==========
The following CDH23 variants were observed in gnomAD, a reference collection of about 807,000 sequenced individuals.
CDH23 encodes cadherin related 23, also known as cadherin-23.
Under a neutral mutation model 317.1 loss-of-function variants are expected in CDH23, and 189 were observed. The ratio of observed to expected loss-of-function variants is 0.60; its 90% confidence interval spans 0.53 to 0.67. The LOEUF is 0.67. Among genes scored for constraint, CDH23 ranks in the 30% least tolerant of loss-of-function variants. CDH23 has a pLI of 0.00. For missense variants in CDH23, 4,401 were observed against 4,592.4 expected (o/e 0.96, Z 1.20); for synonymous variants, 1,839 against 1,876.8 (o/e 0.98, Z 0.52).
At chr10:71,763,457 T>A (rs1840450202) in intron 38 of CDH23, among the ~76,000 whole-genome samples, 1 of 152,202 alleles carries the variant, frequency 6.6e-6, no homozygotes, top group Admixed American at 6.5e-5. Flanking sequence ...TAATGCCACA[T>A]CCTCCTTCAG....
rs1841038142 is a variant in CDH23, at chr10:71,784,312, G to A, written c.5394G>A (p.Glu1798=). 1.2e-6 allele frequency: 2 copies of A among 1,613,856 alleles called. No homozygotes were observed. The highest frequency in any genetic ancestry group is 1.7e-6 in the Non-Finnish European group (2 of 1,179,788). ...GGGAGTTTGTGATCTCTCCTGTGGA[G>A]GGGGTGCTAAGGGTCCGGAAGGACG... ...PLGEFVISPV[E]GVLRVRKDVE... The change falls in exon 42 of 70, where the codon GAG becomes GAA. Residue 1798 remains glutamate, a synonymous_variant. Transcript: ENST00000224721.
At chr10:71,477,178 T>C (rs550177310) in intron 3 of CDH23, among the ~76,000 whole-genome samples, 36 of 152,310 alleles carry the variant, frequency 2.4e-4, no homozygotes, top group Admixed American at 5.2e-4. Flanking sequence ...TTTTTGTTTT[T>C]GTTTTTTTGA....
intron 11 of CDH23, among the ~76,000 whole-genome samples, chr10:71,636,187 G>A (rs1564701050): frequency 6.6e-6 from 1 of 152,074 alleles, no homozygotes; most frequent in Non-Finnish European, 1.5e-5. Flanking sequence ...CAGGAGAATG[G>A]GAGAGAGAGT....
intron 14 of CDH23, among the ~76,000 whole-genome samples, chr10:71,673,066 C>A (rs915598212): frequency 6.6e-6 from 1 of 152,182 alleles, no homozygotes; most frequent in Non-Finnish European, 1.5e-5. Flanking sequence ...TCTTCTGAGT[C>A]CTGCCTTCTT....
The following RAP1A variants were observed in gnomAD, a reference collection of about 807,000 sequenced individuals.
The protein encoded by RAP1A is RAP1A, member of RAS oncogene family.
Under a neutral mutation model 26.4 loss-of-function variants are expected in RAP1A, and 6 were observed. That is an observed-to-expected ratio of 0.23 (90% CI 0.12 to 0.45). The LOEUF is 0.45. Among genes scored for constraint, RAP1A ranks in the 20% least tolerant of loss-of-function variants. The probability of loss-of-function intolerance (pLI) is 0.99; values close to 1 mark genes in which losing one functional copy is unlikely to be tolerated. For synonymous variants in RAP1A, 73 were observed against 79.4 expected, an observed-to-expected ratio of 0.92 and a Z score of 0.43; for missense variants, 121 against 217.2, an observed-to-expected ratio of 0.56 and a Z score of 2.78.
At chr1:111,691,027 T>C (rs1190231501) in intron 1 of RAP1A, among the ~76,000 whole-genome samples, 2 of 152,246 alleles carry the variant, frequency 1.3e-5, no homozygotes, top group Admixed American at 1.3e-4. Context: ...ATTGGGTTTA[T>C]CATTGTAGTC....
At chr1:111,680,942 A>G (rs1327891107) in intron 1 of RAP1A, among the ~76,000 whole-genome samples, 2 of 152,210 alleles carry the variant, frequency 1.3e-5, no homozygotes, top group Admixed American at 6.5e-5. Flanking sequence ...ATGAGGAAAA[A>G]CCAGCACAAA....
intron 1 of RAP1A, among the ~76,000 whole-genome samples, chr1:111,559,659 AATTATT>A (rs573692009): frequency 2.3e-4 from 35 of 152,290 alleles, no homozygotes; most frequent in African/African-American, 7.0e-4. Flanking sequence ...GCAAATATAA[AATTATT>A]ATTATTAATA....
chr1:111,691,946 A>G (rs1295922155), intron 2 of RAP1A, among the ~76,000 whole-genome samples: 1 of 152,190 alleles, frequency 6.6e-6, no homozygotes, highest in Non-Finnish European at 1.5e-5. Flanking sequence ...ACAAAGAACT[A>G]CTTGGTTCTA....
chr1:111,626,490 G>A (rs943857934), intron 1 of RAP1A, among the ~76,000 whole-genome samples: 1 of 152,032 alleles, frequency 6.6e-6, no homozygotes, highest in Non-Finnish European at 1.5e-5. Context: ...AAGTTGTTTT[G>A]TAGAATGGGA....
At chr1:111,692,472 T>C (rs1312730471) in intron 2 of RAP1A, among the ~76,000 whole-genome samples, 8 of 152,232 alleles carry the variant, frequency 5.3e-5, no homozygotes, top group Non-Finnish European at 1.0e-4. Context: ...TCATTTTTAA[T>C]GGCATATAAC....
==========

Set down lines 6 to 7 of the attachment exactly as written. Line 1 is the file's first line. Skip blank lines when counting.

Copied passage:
At chr10:71,477,178 T>C (rs550177310) in intron 3 of CDH23, among the ~76,000 whole-genome samples, 36 of 152,310 alleles carry the variant, frequency 2.4e-4, no homozygotes, top group Admixed American at 5.2e-4. Flanking sequence ...TTTTTGTTTT[T>C]GTTTTTTTGA....
intron 11 of CDH23, among the ~76,000 whole-genome samples, chr10:71,636,187 G>A (rs1564701050): frequency 6.6e-6 from 1 of 152,074 alleles, no homozygotes; most frequent in Non-Finnish European, 1.5e-5. Flanking sequence ...CAGGAGAATG[G>A]GAGAGAGAGT....